Key learnings from the 8th Annual S&OP to Integrated Business Planning Summit

02 Jan 2024


In early December we attended the 8th S&OP to Integrated Business Planning (IBP) Summit in Amsterdam. With Oliver Wight being the originators of both S&OP and the further developed IBP, the Summit could not have been more relevant for us, and it was a great opportunity to meet and greet with existing clients and all other delegates. 

Key learnings from the 8th Annual S&OP to Integrated Business Planning Summit


The underlying theme of the S&OP to IBP Summits have always been the adoption and further development of Sales & Operations Planning. As Steven Hainey, the Summit Chair, noted the focus has shifted from how do we get started?” to how can we further improve the process and extract the most value out of it now that the majority of surveyed companies have well-established S&OP processes?”

A recurring theme with the increasing importance of S&OP is that the world is becoming increasingly morevolatile with what we once thought were “once-in-a-lifetime” events now happening in quick succession.

Having hardly recovered from the supply chain impacts of Evergreen blocking the Suez Canal, COVID, the Ukraine situation, and now the Gaza conflict is taking center stage. Using the adage “never waste a good crisis” has helped some companies to do things differently and get senior leadership support to embed S&OP or IBP. 

Key learnings from the 8th Annual S&OP to Integrated Business Planning Summit


How to gain and maintain senior leadership support was also the main topic of Oliver Wight Partner Lucy Jacob’s keynote speech at the start of Day 1. Culture and behavior remain the biggest hurdles to overcome, and leaders often don’t realize this starts at the top. 

Change management efforts should aim at empowerment to decompress the organization. This allows senior leadership to focus on the longer term where impact of decisions is likely higher, with the medium and short-term horizons safely in the hands of other layers in the organization who are closer to the fire. The topic of senior leadership being active and providing visible support was mentioned in all speaker sessions on Day 1 and is a significant element when implementing an S&OP or IBP process.

Another main focus should be creating one set of numbers and having clear and realistic assumptions-based and bottom-up view of where the organization is going, whilst understanding the gap to the strategic ambition. Providing leadership with alternatives on how to close gaps to strategy installs confidence in the overall process. We need to make sure that insights are not used to create top-down overrides of the plan as this reduces trust in the process.

Key learnings from the 8th Annual S&OP to Integrated Business Planning Summit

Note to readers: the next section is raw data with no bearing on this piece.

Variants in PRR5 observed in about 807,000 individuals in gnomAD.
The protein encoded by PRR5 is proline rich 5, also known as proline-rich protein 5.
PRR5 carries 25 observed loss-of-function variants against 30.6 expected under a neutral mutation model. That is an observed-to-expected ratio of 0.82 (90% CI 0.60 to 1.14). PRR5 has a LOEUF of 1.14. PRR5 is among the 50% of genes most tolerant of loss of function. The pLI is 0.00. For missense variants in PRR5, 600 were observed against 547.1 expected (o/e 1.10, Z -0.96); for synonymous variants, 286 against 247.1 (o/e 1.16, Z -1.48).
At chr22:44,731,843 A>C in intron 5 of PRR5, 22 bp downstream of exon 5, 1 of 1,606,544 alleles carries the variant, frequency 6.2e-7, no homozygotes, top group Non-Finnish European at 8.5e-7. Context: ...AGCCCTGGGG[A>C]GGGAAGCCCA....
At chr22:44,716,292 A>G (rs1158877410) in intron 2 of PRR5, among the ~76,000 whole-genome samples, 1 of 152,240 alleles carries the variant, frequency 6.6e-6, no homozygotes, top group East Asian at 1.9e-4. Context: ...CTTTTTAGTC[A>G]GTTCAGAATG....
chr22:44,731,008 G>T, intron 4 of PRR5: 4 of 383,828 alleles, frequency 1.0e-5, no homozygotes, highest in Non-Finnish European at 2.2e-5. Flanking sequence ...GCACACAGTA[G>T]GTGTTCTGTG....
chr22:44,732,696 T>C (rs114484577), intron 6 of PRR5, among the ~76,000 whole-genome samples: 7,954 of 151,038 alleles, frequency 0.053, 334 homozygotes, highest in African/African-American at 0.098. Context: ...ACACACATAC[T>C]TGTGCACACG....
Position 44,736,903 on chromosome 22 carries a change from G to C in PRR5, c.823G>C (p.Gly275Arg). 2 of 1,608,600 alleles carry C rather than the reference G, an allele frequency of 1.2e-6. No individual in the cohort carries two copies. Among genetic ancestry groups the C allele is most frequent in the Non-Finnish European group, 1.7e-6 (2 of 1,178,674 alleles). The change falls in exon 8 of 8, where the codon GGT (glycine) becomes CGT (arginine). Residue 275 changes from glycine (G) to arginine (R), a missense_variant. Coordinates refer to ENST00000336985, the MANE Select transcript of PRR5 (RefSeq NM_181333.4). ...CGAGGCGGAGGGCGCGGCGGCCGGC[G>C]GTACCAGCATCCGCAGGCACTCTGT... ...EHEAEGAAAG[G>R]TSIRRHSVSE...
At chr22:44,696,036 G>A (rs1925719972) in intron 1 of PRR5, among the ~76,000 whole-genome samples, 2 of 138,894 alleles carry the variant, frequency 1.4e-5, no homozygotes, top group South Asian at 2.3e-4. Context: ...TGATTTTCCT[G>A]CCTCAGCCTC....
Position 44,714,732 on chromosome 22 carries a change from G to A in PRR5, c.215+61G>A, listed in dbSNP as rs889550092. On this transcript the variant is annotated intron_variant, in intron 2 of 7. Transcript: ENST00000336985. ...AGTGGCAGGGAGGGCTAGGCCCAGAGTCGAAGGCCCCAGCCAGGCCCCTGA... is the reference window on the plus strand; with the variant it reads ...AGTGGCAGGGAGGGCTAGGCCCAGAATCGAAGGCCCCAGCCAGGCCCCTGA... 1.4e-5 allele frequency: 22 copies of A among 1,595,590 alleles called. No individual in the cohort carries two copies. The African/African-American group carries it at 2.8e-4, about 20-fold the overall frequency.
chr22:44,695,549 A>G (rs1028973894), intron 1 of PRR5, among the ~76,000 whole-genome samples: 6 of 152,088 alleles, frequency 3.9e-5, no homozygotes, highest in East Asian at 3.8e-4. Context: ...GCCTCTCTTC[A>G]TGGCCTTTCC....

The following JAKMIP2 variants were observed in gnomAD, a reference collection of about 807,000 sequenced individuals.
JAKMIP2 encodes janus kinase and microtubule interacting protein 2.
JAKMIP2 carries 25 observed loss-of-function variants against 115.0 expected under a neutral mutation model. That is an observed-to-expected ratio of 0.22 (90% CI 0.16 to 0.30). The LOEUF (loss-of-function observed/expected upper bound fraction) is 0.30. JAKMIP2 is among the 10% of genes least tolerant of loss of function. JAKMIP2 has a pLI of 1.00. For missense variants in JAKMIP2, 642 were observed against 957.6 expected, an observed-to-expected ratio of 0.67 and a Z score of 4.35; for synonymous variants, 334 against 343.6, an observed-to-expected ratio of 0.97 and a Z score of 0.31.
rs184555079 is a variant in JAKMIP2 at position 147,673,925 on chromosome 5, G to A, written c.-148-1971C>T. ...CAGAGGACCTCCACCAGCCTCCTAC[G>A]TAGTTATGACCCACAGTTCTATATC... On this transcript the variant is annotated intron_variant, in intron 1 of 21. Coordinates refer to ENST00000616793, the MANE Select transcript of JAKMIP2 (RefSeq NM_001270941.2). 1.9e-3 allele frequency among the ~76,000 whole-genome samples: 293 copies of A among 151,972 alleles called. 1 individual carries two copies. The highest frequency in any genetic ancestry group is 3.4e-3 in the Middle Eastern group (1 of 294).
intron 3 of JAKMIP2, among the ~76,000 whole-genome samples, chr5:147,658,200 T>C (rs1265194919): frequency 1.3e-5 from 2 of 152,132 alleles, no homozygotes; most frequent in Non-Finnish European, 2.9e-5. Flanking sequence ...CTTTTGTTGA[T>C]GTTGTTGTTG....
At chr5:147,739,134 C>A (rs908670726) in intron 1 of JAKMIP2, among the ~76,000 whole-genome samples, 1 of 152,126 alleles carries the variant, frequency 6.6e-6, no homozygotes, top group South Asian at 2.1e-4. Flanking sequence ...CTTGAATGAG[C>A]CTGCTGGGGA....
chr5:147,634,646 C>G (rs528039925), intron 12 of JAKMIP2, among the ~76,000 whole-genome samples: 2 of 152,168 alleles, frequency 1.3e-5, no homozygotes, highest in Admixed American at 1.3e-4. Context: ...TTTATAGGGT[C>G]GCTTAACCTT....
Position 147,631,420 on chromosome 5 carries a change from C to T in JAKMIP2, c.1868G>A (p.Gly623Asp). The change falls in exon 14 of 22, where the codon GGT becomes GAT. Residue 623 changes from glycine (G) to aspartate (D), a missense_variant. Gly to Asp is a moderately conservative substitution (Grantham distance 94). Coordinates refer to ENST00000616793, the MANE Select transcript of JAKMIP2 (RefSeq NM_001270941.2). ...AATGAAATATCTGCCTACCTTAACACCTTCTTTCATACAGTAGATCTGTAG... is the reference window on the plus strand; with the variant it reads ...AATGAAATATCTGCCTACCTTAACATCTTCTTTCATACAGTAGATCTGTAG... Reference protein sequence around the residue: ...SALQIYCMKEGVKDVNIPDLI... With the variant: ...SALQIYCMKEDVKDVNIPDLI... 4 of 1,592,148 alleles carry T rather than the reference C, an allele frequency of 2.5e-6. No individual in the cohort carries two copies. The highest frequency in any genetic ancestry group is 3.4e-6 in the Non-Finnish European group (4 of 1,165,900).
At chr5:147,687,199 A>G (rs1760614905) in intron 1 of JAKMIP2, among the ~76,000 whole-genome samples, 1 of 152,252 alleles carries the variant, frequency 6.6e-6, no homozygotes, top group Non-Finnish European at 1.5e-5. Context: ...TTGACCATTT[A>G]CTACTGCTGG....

More and more organizations are differentiating Sales & Operations Execution (S&OE) from Sales & Operations Planning (S&OP) to drive execution of the long-term plan. Speakers brought examples of implementing a weekly S&OE process next to the monthly S&OP process to provide a platform to resolve short-term issues to delivery of the plan and freeing-up the S&OP process to focus on the medium to longer term. This once again confirms that, in the end, plans are plans until they are being executed.

Key learnings from the 8th Annual S&OP to Integrated Business Planning Summit


Of course, we cannot have a conference on creating a one number plan without discussing systems. Polls showed that the consensus is that a fool with a tool is still a fool. However, when people, process, and technology are successfully aligned in a joint implementation process organizations can reap the benefits. Board’s Head of Supply Chain, Dave Food shared his advice on how to make IBP the heartbeat of the business which included synchronizing goal achievement through technology. 

If you don’t already know, Oliver Wight IBP Powered by Board is helping clients accelerate operational excellence, unlock consistent performance, and achieve faster growth. It combines Oliver Wight’s best practice consulting and education with Board’s Intelligent Planning Platform and is configured to fully align with a company’s unique requirements. You can find out more about it here.

One interesting outcome of the Summit is that artificial intelligence (AI) and machine learning (ML) are now being used by early adopters, especially in forecasting. Dr. Sven F. Crone from Lancaster University showed research on comparison of statistical methods with AI and ML methods. What was perhaps surprising to some is that AI/ML methods are often not as good as statistical methods in terms of forecast accuracy due to the sparse data inherent in monthly forecasting while requiring more computing power. It is important to note that statistics are only one input into the final demand plan. Assumptions and activities drive the numbers so we need to adjust the numbers where the future will be different than the past.

All in all, it was a very good Summit. It’s great to see increasing adoption of S&OP and S&OE practices. From our perspective, being the originators of S&OP and IBP, the observation is that organizations use the S&OP and IBP language interchangeably where there are significant differences. Of course, we would love to see more widely spread understanding of full Integrated Business Planning (IBP) and Integrated Tactical Planning (ITP). How to get that message across is a challenge for next years Summit.

If you’re looking to learn what best practice Integrated Business Planning looks like, check out our vast selection of resources including white papersresearch, and books. Or test your IBP maturity using our free online self-assessment.

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